Discussion in 'Star Trek: Discovery' started by NewHeavensNewEarth, Mar 29, 2019.
Why is better writing never an option in such poles?
Because I never start the polls?!
It's a question related to funding, ultimately. With finite resources to produce a show, would you rather see stellar special effects or more in-depth stories? I personally think ST's greatest resource is its characters and its stories, so even if it had to go back to 1990s special effects & CGI, I'd be ok with that, because you can always expect better development from a book of 26 chapters than one which has 14 (to make a comparison).
This is simply wrong - it's always down to the skill of the writer. There is no real relationship between depth and length - (having read the thread I'm still not clear what you mean by in-depth beyond screen time).
If we take your novel example - we'd eliminate:
* A Christmas Carol
* Mrs. Dalloway
* The Great Gatbsy
* The Yellow Wallpaper
* The House of Mango Street
Without a doubt, there are some incredible examples of shorter stories and incredible stand-alone episodes within ST. (I'm an "Inner Light" fan.) But a long-term series has different dynamics, and I'm just arguing for the same breathing room that past ST series had, because of the difficult balancing act of seasonal arcs and stand-alone episodes. Regarding your question about the term "in-depth," an example is Airiam. People complained that they didn't feel like they really knew her at all until her last episode or two. While still getting to know the primary characters (Burnham, Saru, etc.), having more breathing room allows for getting to know the other characters, too, like Airiam. Special effects are the icing on the cake, but I wouldn't mind less if it means more of certain things that we all appreciate.
The two most popular series has none of this - they were designed to be watched and understandable if you had never seen any other episodes - none of the characters really develop and most episodes have absolutely no consequence for either the character or wider universe.
Discovery just represents the dynamic of a TV show made for streaming consumption in 2019.
The solution seems simple. Let Discovery continue the structure it's doing right now: an overall arc with episodes that stand on their own. And then let Short Treks do the complete stand-alones. Short Treks has the added advantage of they don't have to show the same characters every episode.
I don't need continually sprinkled random lines of dialogue per episode to get to know the characters or for them to say what school they went to. Just one story that focuses on them that gives us enough of a sense of who they are. If you sprinkle in too much information about them in earlier episodes, you can't do whatever you want in their spotlight episodes because you have to incorporate whatever was mentioned before, which might or might not fit the story you want to tell.
This is probably why I don't have the same issue with "Project Daedalus" that others do. I understand their point about not seeing more of Airiam, but it just wasn't necessary for me to see to get what was going on. The snapshots at the beginning with Tilly, Detmer, and Owosekun were enough for me. Would it have been nice to see brief snippets of that in earlier episodes? Of course. If it made sense to fit them in and didn't disrupt the flow of the episodes in question, sure, but what they showed us was enough to get the point across. At least to this viewer.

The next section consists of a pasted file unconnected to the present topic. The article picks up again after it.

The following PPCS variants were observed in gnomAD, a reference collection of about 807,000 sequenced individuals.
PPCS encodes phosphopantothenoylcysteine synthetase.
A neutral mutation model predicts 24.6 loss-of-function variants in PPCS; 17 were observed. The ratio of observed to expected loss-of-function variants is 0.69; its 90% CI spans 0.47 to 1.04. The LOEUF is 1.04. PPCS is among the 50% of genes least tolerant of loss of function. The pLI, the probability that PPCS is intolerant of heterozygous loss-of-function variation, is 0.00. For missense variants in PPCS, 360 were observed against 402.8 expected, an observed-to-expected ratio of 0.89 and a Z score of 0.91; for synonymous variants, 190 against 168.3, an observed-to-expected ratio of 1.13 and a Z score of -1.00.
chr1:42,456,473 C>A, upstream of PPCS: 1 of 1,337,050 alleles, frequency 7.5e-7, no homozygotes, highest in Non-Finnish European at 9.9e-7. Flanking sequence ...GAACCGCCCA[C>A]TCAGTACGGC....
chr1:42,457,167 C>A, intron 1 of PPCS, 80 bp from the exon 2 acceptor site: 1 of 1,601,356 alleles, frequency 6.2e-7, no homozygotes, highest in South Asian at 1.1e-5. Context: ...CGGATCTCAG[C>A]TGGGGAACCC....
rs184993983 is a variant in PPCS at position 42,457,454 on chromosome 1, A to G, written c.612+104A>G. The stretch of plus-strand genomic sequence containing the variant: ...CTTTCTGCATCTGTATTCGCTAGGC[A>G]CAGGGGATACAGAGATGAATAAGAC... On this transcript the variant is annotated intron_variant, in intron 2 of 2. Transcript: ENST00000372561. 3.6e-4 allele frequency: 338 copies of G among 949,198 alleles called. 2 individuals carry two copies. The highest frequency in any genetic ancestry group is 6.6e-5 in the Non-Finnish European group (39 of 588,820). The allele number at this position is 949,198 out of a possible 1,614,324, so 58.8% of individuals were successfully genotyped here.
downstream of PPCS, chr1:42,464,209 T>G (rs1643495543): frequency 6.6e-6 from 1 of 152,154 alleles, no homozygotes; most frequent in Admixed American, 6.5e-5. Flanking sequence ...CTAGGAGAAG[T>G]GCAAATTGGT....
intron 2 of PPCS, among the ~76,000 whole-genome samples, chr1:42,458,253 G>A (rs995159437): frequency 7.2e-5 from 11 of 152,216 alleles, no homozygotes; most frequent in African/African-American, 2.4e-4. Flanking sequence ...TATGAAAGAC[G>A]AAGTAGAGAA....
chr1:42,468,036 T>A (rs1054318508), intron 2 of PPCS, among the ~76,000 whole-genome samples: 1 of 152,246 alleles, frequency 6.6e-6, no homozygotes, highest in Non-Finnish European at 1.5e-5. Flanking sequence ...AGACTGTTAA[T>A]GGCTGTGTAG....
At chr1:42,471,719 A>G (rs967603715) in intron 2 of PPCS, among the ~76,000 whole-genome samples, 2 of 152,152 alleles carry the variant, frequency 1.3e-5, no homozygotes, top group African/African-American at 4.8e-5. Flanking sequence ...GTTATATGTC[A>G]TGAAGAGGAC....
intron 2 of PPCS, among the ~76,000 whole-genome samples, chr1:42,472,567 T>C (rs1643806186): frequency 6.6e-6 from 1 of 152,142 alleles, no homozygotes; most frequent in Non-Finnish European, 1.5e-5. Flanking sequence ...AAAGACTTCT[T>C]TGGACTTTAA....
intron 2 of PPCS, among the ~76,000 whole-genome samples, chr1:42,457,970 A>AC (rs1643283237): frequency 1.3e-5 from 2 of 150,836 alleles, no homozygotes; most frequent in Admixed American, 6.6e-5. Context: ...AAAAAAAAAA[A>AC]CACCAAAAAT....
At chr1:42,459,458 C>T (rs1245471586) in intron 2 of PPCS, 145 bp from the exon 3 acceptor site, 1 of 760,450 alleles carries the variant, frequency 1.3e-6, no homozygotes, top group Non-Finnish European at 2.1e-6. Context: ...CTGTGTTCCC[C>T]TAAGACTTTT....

But a Short Treks episodes with Airiam as the focus would've been great.
I wonder how much the arc changes have to do with not wanting to pay fired showrunners?
I mean, if they continued with Berg/Harberts' arc, would they get story credit for some episodes? Still be listed as executive producers?
Any story idea they developed specific to a particular episode, they'd have to get writing credit for. They'd only have to be credited as Executive Producers up through the episode they were fired.
At this point it looks like Tilly's Short Trek was pointless. I would have much preferred one focusing on Airiam and Tilly's friendship. Might have made me care a heck of a lot more when Airiam died.
Tilly's Short Trek provided more insight into her character than the entire season to date.
Okay, that's not really true. But I dunno if Berg/Harberts liked Tilly and Kurtzman doesn't or what. But since the "May arc" ended in Episode 5 she has nothing to do but spout techobabble and be awkward.
Anyway, regarding the main question. I don't think longer seasons are needed per se. At the same time, I really strongly disagree with the idea that a shorter season means by definition higher quality episodes or a lack of "filler." I mean, you could assuredly cut out half of most Voyager seasons and nothing of value would have been lost. But despite DS9 often having some stinkers, I really think there are a lot of seasons which would be worse if you limited them to 15 episodes or less.
I think my ideal system would be to abandon the idea of "seasons" entirely quite honestly. I've noticed that Netflix tends to now release a lot of kids shows with very small seasons (like six episode chunks) which come out multiple times per year. Something like the following would be a good setup for Discovery I think:
Three standalone adventures
I would like this system because it would eliminate the artificiality of a "season" - which is an antiquated broadcast notion. Instead they can write each arc to be exactly as long as it needs to be in order to tell that story, then move on to the next thing.
After this season is over, I want to compare the structures of DSC S1 and DSC S2 to the first six episodes of DS9 S6 (plus "Call to Arms") and the last 10 episodes of DS9 S7 respectively. With the length of DS9's Final Chapter being what it is, it effectively works like a modern season of TV, juggling even more storylines than DSC is right now.